Nishio K.,University of Tokyo | Hashimoto K.,University of Tokyo | Watanabe K.,Hashimoto Light Energy Conversion Project | Watanabe K.,Tokyo University of Science
Applied Microbiology and Biotechnology

Biological energy-conversion systems are attractive in terms of their self-sustaining and self-organizing nature and are expected to be applied to low-cost and environmentfriendly processes. Here we show a biofilm-based light/ electricity-conversion system that was self-organized from a natural microbial community. A bioreactor equipped with an air cathode and graphite-felt anode was inoculated with a green hot-spring microbialmat.When the reactor was irradiated with light, electric current was generated between the anode and cathode in accordance with the formation of green biofilm on the anode. Fluorescence microscopy of the green biofilm revealed the presence of chlorophyll-containing microbes of ∼10 μm in size, and these cells were abundant close to the surface of the biofilm. The biofilm community was also analyzed by sequencing of polymerase chain reactionamplified small-subunit rRNA gene fragments, showing that sequence types affiliated with Chlorophyta, Betaproteobacteria, and Bacteroidetes were abundantly detected. These results suggest that green algae and heterotrophic bacteria cooperatively converted light energy into electricity. © 2009 Springer-Verlag. Source

Nishio K.,University of Tokyo | Hashimoto K.,University of Tokyo | Hashimoto K.,Tokyo University of Science | Watanabe K.,Hashimoto Light Energy Conversion Project | And 2 more authors.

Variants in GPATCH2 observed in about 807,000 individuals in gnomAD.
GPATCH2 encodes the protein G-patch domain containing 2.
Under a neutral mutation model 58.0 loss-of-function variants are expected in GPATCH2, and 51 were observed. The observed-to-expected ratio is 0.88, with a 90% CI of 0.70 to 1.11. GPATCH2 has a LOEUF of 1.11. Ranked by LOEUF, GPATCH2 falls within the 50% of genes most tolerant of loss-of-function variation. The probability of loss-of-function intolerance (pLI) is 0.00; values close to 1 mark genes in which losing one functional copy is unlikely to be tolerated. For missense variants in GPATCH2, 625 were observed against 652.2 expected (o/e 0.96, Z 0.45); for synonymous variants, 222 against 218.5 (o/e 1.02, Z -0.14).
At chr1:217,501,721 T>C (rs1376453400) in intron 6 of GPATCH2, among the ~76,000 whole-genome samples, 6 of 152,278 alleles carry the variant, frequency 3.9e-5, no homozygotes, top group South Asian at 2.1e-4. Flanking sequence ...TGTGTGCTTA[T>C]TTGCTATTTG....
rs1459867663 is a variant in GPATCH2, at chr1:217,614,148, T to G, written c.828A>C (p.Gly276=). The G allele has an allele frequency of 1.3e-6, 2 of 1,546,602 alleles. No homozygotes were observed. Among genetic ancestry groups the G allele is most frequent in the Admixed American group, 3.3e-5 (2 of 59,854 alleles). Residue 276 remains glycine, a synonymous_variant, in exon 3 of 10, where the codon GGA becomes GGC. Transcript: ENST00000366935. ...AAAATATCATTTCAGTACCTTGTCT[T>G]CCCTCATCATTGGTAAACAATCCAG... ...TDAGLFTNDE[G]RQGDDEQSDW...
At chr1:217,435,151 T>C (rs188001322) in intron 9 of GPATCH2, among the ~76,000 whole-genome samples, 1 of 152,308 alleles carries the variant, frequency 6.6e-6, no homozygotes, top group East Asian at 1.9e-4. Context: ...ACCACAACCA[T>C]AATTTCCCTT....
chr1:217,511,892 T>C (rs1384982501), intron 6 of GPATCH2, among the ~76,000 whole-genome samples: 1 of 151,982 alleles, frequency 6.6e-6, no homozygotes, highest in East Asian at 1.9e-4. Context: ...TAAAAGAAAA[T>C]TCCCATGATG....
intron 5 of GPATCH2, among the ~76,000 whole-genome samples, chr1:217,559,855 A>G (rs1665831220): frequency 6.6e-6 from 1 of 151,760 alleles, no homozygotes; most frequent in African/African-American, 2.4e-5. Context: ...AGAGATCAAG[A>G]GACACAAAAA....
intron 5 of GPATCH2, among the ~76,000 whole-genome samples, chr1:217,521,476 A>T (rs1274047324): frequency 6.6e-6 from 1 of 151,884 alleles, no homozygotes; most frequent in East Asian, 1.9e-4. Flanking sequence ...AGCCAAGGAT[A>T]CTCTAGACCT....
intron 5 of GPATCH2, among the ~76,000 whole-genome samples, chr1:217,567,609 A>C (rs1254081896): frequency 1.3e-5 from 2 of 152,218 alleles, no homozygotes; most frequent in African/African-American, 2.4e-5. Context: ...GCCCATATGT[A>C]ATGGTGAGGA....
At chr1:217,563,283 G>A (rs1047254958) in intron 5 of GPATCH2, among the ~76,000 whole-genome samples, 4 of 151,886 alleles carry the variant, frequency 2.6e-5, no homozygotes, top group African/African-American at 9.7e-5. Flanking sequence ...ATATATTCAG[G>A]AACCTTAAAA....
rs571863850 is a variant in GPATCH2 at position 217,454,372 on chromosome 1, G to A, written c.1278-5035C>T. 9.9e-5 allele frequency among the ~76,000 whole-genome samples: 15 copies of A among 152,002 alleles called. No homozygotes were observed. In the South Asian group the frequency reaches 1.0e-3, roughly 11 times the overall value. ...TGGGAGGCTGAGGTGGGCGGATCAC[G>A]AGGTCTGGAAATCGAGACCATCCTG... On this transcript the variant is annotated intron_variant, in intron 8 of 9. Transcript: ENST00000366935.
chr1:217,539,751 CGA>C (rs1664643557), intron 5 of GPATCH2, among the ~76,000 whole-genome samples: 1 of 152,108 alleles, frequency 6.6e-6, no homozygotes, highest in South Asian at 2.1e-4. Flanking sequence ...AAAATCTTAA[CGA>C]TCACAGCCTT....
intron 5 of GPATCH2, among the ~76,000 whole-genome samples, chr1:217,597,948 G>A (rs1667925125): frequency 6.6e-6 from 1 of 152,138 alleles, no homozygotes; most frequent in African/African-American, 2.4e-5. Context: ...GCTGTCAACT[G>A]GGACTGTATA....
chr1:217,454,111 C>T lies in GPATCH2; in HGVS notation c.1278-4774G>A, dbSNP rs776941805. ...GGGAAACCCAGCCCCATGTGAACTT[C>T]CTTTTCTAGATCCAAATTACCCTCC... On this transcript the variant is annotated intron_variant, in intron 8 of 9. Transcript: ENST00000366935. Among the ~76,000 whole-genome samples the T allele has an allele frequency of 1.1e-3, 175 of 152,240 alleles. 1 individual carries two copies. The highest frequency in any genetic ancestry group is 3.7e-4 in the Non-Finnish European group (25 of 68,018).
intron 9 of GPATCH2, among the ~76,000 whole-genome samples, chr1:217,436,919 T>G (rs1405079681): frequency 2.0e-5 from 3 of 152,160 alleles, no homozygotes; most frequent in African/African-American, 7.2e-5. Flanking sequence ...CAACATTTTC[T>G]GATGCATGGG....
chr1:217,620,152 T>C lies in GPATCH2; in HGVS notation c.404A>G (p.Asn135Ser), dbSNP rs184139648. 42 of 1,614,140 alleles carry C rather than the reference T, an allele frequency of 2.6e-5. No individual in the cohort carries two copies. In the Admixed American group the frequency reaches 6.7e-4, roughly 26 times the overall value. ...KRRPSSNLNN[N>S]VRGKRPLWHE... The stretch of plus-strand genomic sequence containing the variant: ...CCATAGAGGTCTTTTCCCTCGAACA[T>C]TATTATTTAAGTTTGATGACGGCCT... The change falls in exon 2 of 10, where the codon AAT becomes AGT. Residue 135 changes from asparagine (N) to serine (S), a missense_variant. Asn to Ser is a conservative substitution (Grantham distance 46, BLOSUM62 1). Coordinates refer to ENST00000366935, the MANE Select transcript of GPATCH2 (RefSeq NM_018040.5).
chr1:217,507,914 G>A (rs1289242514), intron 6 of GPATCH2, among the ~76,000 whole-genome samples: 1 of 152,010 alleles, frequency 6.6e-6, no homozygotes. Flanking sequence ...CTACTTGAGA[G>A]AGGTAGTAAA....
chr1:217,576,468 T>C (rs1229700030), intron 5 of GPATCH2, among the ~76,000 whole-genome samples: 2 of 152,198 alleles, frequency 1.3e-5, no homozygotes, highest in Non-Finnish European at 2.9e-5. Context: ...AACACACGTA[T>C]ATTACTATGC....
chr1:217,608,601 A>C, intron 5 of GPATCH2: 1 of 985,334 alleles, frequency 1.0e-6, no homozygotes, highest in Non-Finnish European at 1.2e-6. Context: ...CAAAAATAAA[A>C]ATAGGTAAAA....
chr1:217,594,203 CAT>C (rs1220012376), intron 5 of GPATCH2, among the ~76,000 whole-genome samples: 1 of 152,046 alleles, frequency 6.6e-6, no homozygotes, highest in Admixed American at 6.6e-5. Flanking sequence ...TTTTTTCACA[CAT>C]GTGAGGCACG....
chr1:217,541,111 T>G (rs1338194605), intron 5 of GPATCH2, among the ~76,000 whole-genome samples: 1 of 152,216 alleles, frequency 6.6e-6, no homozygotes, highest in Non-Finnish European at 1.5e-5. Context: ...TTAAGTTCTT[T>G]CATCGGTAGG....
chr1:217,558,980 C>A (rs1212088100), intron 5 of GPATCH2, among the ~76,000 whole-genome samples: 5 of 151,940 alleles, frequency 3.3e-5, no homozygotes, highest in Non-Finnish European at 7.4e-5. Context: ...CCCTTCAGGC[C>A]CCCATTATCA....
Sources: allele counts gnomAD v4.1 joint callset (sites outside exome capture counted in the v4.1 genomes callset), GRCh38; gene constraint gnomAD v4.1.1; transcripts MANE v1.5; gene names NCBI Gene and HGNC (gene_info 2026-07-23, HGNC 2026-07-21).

Bioscience, Biotechnology and Biochemistry

Algal biomass serves as a fuel for electricity generation in microbial fuel cells. This study constructed a model consortium comprised of an alga-digesting Lactobacillus and an iron-reducing Geobacter for electricity generation from photo-grown Clamydomonas cells Total power-conversion efficiency (from Light to electricity) was estimated to be 0.47%. Source

Shibanuma T.,University of Tokyo | Nakamura R.,University of Tokyo | Hirakawa Y.,University of Tokyo | Hashimoto K.,Hashimoto Light Energy Conversion Project | And 3 more authors.
Angewandte Chemie - International Edition

Morning light: In vivo photodissociation of CO from bacterial c-type cytochromes yields a redox-active Fe 2+ form, which can be oxidized at an electrode surface to the Fe 3+ form. Reduction by electrons from the metabolic pathway regenerates the Fe 2+ form (see picture). Spectroscopic monitoring of this process yields information on the in vivo respiratory electron-transport dynamics. Copyright © 2011 WILEY-VCH Verlag GmbH & Co. KGaA, Weinheim. Source

Discover hidden collaborations